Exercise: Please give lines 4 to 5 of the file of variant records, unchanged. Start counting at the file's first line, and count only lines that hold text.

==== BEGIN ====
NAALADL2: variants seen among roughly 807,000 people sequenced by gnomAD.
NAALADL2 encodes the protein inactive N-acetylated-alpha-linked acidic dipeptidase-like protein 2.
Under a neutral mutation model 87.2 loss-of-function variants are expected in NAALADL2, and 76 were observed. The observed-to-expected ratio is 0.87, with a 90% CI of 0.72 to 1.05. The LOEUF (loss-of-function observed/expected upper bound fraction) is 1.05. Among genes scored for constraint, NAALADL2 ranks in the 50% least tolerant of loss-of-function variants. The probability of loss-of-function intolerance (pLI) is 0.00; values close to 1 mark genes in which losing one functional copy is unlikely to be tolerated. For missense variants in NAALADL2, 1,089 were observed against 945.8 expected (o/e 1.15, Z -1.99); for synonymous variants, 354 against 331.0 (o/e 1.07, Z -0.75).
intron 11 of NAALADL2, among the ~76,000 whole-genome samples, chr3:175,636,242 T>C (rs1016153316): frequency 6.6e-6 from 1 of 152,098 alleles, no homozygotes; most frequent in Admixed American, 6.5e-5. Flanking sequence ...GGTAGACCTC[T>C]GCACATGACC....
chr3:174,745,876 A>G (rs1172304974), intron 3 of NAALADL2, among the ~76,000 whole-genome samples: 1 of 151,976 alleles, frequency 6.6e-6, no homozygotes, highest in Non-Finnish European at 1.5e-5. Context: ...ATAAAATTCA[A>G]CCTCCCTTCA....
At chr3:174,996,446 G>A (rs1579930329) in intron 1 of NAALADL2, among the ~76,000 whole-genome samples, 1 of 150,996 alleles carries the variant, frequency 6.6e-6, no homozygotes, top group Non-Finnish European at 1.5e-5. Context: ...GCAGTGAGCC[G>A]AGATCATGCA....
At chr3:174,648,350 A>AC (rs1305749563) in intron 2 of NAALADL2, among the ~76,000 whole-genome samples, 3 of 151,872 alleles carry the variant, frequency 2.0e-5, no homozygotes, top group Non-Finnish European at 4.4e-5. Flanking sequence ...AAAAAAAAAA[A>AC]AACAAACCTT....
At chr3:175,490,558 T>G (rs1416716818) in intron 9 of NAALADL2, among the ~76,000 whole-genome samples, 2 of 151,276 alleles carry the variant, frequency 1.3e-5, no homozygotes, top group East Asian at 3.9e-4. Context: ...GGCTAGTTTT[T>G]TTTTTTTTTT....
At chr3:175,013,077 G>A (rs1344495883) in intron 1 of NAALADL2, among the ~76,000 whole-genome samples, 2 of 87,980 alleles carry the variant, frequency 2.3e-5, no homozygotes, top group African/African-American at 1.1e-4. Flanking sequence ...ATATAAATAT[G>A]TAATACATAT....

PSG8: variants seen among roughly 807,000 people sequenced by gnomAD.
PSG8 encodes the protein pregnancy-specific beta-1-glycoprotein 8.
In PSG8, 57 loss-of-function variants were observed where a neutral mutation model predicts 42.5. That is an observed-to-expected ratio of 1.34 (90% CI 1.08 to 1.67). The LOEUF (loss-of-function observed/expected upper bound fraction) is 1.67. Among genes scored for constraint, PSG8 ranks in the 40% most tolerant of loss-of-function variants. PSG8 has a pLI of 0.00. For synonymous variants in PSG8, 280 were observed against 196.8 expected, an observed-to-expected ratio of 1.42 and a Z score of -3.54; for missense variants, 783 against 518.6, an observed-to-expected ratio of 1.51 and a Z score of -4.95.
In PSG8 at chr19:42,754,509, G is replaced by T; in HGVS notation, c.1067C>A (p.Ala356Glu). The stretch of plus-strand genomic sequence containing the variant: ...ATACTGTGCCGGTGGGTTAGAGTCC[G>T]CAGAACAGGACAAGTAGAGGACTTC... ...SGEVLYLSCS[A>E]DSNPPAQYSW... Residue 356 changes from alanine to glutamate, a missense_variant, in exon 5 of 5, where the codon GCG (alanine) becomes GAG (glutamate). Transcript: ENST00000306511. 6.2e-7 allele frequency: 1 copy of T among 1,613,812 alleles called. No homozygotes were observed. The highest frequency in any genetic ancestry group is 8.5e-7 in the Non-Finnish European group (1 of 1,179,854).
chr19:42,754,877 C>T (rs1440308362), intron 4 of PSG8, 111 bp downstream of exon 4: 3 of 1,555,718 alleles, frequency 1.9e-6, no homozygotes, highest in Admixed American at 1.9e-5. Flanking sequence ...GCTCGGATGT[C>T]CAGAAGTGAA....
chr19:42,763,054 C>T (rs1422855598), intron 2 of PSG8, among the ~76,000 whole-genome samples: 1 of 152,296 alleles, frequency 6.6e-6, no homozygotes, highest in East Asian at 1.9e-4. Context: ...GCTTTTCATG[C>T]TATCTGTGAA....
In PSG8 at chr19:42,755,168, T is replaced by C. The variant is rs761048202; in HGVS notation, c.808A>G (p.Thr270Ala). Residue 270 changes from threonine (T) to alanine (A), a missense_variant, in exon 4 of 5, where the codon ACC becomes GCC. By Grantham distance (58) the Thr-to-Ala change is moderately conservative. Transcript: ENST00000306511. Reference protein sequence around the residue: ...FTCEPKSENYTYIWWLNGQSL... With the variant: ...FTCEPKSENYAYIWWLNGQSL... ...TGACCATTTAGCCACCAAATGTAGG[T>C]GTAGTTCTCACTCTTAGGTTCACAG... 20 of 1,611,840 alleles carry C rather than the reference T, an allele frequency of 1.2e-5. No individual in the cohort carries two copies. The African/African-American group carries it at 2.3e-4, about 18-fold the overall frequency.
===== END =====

intron 11 of NAALADL2, among the ~76,000 whole-genome samples, chr3:175,636,242 T>C (rs1016153316): frequency 6.6e-6 from 1 of 152,098 alleles, no homozygotes; most frequent in Admixed American, 6.5e-5. Flanking sequence ...GGTAGACCTC[T>C]GCACATGACC....
chr3:174,745,876 A>G (rs1172304974), intron 3 of NAALADL2, among the ~76,000 whole-genome samples: 1 of 151,976 alleles, frequency 6.6e-6, no homozygotes, highest in Non-Finnish European at 1.5e-5. Context: ...ATAAAATTCA[A>G]CCTCCCTTCA....